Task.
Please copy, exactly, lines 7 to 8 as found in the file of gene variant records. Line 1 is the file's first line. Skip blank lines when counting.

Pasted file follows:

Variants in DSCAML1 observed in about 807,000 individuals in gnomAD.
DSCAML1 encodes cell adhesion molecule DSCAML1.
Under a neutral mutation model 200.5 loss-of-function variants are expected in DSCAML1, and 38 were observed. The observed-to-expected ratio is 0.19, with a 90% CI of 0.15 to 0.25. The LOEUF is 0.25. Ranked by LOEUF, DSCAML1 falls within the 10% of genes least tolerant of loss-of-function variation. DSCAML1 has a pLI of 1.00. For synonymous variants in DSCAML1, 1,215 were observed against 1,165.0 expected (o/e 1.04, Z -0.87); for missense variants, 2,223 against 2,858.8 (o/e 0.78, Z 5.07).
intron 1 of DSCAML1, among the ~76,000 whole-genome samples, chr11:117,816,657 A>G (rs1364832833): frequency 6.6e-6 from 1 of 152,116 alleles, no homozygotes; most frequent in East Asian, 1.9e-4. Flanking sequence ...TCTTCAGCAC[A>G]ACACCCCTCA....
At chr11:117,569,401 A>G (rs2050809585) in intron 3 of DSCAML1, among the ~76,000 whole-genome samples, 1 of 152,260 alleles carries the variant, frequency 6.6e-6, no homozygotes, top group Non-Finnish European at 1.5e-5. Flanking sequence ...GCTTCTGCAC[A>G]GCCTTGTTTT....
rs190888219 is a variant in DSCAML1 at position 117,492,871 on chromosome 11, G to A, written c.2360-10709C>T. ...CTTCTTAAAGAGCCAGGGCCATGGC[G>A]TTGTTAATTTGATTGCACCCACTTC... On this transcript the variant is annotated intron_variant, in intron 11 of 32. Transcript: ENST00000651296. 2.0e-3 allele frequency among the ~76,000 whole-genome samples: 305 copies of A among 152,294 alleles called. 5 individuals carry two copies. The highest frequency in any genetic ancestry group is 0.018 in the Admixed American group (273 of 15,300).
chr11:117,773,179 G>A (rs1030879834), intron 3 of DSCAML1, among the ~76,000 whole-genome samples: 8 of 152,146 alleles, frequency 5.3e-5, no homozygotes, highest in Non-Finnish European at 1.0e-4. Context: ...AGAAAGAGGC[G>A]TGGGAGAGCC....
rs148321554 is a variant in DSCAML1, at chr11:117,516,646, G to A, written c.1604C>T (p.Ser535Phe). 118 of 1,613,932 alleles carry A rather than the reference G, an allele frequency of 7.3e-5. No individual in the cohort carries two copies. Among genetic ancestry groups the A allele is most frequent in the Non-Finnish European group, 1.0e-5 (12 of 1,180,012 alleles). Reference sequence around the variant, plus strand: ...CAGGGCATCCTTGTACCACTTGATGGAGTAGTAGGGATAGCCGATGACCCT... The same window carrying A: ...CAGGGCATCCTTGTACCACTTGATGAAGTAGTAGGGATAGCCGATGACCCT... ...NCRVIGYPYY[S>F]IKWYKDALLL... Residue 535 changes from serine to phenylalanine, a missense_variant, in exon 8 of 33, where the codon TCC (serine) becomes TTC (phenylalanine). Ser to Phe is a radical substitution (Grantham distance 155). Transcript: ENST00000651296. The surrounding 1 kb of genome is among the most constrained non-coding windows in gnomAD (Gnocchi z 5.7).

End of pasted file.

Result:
chr11:117,773,179 G>A (rs1030879834), intron 3 of DSCAML1, among the ~76,000 whole-genome samples: 8 of 152,146 alleles, frequency 5.3e-5, no homozygotes, highest in Non-Finnish European at 1.0e-4. Context: ...AGAAAGAGGC[G>A]TGGGAGAGCC....
rs148321554 is a variant in DSCAML1, at chr11:117,516,646, G to A, written c.1604C>T (p.Ser535Phe). 118 of 1,613,932 alleles carry A rather than the reference G, an allele frequency of 7.3e-5. No individual in the cohort carries two copies. Among genetic ancestry groups the A allele is most frequent in the Non-Finnish European group, 1.0e-5 (12 of 1,180,012 alleles). Reference sequence around the variant, plus strand: ...CAGGGCATCCTTGTACCACTTGATGGAGTAGTAGGGATAGCCGATGACCCT... The same window carrying A: ...CAGGGCATCCTTGTACCACTTGATGAAGTAGTAGGGATAGCCGATGACCCT... ...NCRVIGYPYY[S>F]IKWYKDALLL... Residue 535 changes from serine to phenylalanine, a missense_variant, in exon 8 of 33, where the codon TCC (serine) becomes TTC (phenylalanine). Ser to Phe is a radical substitution (Grantham distance 155). Transcript: ENST00000651296. The surrounding 1 kb of genome is among the most constrained non-coding windows in gnomAD (Gnocchi z 5.7).